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FYI: In the course of some reading/research, I found many comments on the reason for the thin plastic strip on the top of the patch. Many of which made no sense. I ended up calling the TEMA Tip Top patch company and speaking the product engineer. Common question (makes me wonder why the answer isn't on their web site) and the answer is: Nothing to do with using the patch. It's residue from the manufacturing process and they just leave it on. I assume that's cheaper than trying to remove it, and it does provide a small layer of protection over the patch.One more hint: Use the abrasion pad to mark the hole. And I've found the more complete the abrasion, the better the glue will stick to the inner-tube. The latest Tip Top patch kits stipulate that after putting on the patch, no pressure period is required.
Nice project, and nice lathe (along with your vice, polisher, etc. I'm jealous). Lathe model? Just another $.02 opinion/suggestion. Research out the lubricants called for in your lathe's literature. Pull those carriage wipes, clean them in kerosene/paraffin/spray penetrating oil (almost anything but WD-40, it leaves a residue to fight moisture you don't want in this application), and get some way oil on your bed. No lube there is one of the quickest ways to kill a bed. There are several sellers, one local to me, that sell nice packages of acceptable lubricants in small quantities for hobbyists. Drop me a note if you would like the vender. Best wishes for your future projects.
Simple Bicycle Framebuilding Jig
The simplest bicycle framebuilding jig I could come up with...
Ikea Hack Cat Tower
3D printed Push Puppet named Eeps
The posting will live for a long time, perhaps it will help someone else out.
Ah, a perfect voltage! If you mentioned it earlier, I apologize for overlooking it. I saw one picture, on the web?? Here?? there the author had used bundle ties to put one on a bicycle chain (lower) stay. Just mentioning in case someone stumbles across this as an "not-quite-so-portable" option. I have several things that detractors pointed out the flaws from their point of view. While completely disregarding what I had as my criteria. Some was good, but most was irrelevant. You obviously experienced some of that, but took what you could use and said politely No thanks." to the rest. Hope to see more of your work.Ron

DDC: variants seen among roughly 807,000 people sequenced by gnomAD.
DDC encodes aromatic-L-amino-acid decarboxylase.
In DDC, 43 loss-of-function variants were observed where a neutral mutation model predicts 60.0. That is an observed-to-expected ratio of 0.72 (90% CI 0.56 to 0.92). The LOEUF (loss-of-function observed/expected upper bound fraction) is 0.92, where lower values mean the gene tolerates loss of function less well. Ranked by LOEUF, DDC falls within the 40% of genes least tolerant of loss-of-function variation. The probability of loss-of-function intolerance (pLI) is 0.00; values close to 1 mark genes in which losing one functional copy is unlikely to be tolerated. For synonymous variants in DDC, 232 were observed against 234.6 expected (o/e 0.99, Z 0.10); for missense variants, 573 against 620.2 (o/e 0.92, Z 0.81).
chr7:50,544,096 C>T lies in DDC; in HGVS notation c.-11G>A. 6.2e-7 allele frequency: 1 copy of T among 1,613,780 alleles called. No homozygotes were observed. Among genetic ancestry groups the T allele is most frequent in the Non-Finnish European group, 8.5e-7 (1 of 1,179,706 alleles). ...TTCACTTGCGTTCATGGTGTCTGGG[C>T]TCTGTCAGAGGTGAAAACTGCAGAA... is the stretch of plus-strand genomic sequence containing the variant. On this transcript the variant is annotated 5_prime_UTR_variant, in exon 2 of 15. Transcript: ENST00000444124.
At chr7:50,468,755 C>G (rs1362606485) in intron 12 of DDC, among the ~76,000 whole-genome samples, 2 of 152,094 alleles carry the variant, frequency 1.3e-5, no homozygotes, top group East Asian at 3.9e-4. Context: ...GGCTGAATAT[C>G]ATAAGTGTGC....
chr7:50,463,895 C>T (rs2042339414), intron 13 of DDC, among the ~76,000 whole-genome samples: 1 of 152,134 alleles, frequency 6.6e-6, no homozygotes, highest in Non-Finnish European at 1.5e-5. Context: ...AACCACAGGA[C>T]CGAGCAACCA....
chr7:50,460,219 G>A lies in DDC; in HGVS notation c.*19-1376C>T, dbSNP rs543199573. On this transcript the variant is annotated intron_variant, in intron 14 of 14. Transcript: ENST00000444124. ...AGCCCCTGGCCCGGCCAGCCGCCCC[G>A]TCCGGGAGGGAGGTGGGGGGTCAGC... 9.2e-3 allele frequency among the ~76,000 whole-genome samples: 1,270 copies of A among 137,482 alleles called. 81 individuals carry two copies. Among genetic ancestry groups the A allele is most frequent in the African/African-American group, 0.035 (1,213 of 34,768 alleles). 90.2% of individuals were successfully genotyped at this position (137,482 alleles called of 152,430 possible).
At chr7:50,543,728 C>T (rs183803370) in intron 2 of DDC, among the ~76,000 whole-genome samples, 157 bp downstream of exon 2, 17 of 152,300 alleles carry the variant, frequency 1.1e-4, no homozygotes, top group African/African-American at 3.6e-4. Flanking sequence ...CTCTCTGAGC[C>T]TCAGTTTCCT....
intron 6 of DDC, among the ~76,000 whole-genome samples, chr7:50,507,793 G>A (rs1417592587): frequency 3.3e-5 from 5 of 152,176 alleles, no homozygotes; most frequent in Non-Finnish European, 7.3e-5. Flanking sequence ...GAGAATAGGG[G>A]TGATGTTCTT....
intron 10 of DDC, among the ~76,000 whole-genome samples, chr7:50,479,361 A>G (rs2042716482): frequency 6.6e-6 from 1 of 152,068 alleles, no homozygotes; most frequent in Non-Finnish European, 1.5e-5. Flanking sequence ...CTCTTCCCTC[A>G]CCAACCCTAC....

DUH, you had it in plain sight at the bottom. Chalk it up to a really bad reading day.
Pin Router for a Sears Radial Arm Saw
I have a running joke with my GF about growing my hair out (yes, it's about 5" longer then her's). When she says the magic phrase, off to the barber I go. Till then, this might be fun. :-)
John, my primary point is that 19v volts will damage a 12v battery. Desperate times can call for desperate methods, one time probably won't kill it, but the cost has to be weighed.I grew up outside what's now the Marine Corps Logistics Base Barstow, and knew several people involved in military sales, including my brother. Yes, times change. Sometimes good deals can still be had, I have a couple of first editions courtesy of being being willing to buy a "pallet box" (47-1/2" x 39-1/2" x 28") of books in the hope something good might be in there. Auctions . . . yes "but" (Behold the Underlying truth), since the late 80's most of the decent lots are purchased by deep pocked folks who can afford to out bid the smaller bidders till they give up and quit coming to the auctions . . .Regardless, I've never seen a military hand generator voltage that could be used for charging anything. The idea to use a military hand crank generator has several assumptions that aren't valid. Since some people aren't given to doing much research, I decided to speak up rather than let invalid assumptions stand. If someone knows of a military hand-crank generator that produces a usable voltage, I'm very interested. There are Chinese ones hitting the market ~ $300 USD as of this date, that produce high (430V, 130 mA) and low voltage (6.3V, 2 A). Not real useful for charging a battery or other common use electronics. Use what you can and forget the rest.Just my $.02Ron
Sadly, 1. They tend not to be cheap. In your browser of choice query: "military" hand crank generator2. The outputs are not common. I.e. Output: 162vdc @ 60ma & 3.1v @ 300ma. The infamous "Gibson Girl" kite antenna radio generator produced 24v and 330v for the tube radio.
Suggest you check prices on surplused military generators . . .
Battery charging: From my long ago automotive schooling, automotive alternators acceptable output is 13.5 ~ 14.6 vdc. 19.5 is too high for an automotive battery. This 'struable might be adapable:http://www.instructables.com/id/Solar-Battery-Charger-For-Your-Cordless-Power-Tool/Bike generators: Check out http://makezine.com/projects/the-drill-rod/ and think old school friction wheel like the 5w bicycle bottle generators used rather than a chain. Mount the motor on the chain stay and a friction wheel of sufficient size. Tire sidewall rather than the cap.
From my long ago automotive schooling, automotive alternators acceptable output is 13.5 ~ 14.6 vdc. 19.5 is too high for an automotive battery. This 'struable might be adapable:http://www.instructables.com/id/Solar-Battery-Charger-For-Your-Cordless-Power-Tool/ Check out http://makezine.com/projects/the-drill-rod/ and think old school friction wheel like the 5w bicycle bottle generators used rather than a chain. Mount the motor on the chain or seat stay and a friction wheel of sufficient size.
Leaf Bag Holder & Recycled Campaign Sign Funnel
How to crew for a hot air balloon
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